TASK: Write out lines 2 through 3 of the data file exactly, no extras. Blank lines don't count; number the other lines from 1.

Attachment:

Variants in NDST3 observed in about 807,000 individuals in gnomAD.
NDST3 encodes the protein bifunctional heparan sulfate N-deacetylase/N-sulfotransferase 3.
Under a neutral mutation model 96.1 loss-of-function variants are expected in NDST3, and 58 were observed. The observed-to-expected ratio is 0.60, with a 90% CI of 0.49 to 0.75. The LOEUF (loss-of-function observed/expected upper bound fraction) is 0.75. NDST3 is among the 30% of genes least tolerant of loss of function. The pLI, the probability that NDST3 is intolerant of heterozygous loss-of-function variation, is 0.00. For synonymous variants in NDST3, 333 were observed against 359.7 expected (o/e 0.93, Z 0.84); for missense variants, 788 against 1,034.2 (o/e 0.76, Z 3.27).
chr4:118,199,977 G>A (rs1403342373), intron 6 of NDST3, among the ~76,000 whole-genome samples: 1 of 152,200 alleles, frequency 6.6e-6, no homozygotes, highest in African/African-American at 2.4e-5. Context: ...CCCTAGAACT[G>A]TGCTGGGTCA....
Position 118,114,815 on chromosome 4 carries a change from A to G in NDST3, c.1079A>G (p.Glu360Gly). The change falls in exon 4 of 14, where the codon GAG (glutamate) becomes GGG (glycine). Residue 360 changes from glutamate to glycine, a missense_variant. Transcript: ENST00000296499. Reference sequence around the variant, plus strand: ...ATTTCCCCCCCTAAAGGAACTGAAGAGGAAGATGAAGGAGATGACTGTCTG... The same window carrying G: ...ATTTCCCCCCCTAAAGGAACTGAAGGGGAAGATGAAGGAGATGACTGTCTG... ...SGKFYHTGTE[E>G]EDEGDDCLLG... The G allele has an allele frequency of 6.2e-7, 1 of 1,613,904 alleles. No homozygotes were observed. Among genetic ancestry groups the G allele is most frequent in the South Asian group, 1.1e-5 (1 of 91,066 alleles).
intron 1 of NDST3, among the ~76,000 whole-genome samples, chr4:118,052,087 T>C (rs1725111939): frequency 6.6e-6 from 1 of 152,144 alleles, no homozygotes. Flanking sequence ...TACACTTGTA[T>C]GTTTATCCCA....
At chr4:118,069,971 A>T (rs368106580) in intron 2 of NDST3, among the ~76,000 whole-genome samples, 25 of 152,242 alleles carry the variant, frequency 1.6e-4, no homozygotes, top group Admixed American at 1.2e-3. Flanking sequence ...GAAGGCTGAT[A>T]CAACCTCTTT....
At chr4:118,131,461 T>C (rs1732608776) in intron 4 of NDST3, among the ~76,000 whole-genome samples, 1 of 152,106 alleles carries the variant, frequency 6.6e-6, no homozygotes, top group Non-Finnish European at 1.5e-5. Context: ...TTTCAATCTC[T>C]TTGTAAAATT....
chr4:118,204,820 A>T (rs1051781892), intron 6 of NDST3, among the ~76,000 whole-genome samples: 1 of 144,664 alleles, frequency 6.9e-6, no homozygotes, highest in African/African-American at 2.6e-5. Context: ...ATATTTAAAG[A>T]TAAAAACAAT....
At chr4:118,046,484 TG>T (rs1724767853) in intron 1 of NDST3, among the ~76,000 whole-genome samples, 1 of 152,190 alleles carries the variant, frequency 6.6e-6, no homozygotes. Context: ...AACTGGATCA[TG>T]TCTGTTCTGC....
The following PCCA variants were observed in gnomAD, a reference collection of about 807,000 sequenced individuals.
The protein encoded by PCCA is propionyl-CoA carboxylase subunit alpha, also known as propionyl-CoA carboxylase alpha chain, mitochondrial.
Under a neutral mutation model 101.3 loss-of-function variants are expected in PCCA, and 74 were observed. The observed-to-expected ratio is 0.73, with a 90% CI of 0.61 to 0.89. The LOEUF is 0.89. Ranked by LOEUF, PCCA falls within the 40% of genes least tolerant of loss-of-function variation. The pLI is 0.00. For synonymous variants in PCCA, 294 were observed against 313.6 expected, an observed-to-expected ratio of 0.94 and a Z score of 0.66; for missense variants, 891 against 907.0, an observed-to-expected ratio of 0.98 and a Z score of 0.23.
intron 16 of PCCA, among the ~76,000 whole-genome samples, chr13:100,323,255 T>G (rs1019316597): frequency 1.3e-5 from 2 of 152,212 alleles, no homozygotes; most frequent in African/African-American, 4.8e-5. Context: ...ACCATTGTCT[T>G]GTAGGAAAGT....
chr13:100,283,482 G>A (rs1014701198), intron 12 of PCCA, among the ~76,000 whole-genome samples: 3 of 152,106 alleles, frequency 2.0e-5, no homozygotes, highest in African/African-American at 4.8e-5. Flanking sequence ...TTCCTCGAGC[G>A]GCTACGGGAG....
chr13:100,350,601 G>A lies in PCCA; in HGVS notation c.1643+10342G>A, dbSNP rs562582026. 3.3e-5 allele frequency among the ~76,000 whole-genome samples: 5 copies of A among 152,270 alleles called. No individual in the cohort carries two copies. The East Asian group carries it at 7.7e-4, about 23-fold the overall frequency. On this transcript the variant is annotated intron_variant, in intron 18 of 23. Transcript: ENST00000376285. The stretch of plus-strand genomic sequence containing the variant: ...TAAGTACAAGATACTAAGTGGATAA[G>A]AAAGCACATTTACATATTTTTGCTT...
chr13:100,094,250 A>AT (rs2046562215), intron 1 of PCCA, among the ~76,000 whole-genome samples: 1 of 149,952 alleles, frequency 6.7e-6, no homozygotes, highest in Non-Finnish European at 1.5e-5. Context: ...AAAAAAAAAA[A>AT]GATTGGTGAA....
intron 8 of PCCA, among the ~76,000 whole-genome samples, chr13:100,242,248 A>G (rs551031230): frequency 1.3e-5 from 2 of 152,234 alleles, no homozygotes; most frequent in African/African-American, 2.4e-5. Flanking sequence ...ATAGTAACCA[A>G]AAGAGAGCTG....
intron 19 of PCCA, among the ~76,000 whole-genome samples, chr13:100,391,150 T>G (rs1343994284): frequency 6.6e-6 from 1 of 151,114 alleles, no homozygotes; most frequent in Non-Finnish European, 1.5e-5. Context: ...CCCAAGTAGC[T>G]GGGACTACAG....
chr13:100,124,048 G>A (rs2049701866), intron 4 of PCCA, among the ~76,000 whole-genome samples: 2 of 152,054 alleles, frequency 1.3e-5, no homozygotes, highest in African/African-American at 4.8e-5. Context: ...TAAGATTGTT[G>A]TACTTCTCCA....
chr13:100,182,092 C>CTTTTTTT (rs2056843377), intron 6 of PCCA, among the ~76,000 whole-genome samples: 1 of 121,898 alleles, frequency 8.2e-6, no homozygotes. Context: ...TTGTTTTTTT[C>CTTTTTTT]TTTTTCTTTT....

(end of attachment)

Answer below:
NDST3 encodes the protein bifunctional heparan sulfate N-deacetylase/N-sulfotransferase 3.
Under a neutral mutation model 96.1 loss-of-function variants are expected in NDST3, and 58 were observed. The observed-to-expected ratio is 0.60, with a 90% CI of 0.49 to 0.75. The LOEUF (loss-of-function observed/expected upper bound fraction) is 0.75. NDST3 is among the 30% of genes least tolerant of loss of function. The pLI, the probability that NDST3 is intolerant of heterozygous loss-of-function variation, is 0.00. For synonymous variants in NDST3, 333 were observed against 359.7 expected (o/e 0.93, Z 0.84); for missense variants, 788 against 1,034.2 (o/e 0.76, Z 3.27).